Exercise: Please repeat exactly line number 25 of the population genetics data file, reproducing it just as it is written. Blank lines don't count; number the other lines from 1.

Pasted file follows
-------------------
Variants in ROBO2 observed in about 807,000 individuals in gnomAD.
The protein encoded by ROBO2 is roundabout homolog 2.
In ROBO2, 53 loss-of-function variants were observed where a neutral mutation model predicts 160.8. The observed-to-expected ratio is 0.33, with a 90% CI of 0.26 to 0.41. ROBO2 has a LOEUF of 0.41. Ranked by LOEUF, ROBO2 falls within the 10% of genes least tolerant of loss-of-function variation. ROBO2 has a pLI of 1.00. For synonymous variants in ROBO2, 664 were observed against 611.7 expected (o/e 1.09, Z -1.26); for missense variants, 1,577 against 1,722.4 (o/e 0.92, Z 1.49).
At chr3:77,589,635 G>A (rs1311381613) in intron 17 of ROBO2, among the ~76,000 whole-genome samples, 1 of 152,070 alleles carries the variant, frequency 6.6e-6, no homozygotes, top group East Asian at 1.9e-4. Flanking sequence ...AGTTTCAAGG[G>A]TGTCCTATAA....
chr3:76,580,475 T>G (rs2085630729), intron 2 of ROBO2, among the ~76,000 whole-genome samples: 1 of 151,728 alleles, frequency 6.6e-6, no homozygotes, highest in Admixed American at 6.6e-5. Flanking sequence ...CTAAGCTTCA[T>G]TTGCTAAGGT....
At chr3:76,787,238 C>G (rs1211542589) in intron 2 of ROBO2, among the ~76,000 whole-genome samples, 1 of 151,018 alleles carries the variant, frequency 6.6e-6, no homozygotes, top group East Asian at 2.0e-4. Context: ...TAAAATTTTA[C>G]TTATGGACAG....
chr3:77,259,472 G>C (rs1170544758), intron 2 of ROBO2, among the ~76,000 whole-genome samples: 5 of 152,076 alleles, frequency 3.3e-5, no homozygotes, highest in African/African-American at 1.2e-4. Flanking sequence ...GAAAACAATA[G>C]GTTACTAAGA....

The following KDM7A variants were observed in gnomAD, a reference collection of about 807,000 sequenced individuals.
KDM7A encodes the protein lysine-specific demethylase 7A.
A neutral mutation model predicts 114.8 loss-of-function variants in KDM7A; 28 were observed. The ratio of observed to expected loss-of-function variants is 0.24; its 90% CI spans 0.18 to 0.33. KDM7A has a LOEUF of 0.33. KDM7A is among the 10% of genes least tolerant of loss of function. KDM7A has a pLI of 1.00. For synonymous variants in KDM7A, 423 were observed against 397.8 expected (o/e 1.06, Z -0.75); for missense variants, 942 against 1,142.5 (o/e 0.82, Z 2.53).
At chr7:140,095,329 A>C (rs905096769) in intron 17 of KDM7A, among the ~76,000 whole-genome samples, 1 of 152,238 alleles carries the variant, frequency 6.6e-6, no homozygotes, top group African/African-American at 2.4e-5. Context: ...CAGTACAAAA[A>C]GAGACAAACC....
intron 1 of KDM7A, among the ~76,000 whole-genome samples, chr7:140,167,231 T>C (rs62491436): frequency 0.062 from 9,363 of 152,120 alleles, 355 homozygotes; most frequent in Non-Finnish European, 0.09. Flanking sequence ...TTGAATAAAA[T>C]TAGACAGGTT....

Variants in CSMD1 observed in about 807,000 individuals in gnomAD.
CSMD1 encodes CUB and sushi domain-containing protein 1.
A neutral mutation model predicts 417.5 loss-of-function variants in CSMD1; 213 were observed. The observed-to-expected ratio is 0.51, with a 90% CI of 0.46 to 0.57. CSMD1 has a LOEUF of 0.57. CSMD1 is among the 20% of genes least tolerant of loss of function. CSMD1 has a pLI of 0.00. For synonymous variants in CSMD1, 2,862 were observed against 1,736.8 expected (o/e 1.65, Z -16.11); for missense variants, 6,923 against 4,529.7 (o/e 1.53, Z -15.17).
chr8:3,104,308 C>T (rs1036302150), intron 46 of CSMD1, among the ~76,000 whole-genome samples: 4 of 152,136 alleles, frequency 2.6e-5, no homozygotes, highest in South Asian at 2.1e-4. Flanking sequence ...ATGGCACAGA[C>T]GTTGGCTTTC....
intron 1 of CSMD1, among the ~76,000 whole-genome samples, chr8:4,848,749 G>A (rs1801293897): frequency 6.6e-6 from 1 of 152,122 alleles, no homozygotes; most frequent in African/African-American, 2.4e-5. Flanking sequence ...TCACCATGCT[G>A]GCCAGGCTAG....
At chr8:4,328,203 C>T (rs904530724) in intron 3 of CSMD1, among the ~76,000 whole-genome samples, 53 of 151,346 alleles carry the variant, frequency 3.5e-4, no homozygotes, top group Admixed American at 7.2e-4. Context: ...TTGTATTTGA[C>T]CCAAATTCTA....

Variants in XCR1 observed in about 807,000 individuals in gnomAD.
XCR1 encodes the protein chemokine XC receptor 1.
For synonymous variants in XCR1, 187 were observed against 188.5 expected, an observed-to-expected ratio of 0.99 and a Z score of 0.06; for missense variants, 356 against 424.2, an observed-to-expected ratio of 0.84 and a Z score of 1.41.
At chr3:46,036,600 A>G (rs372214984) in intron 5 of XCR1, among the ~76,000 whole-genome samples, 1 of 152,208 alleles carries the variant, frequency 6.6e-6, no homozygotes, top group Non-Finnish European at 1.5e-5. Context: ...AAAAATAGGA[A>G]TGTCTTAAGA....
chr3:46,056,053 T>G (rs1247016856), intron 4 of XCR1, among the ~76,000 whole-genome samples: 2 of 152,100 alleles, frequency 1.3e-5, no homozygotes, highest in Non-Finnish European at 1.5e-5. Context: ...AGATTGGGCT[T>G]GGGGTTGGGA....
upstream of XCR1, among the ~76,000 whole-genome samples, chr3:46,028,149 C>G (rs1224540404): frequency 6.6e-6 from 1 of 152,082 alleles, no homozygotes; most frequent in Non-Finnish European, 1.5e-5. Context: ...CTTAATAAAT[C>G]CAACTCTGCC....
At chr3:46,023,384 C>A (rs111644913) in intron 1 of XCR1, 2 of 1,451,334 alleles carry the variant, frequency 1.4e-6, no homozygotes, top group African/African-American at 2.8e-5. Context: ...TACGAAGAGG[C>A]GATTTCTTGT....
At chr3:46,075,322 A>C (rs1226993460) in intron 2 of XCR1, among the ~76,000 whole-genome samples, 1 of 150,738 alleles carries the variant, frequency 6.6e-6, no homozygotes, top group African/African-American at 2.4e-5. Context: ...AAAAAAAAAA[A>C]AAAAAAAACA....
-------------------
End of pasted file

At chr3:46,023,384 C>A (rs111644913) in intron 1 of XCR1, 2 of 1,451,334 alleles carry the variant, frequency 1.4e-6, no homozygotes, top group African/African-American at 2.8e-5. Context: ...TACGAAGAGG[C>A]GATTTCTTGT....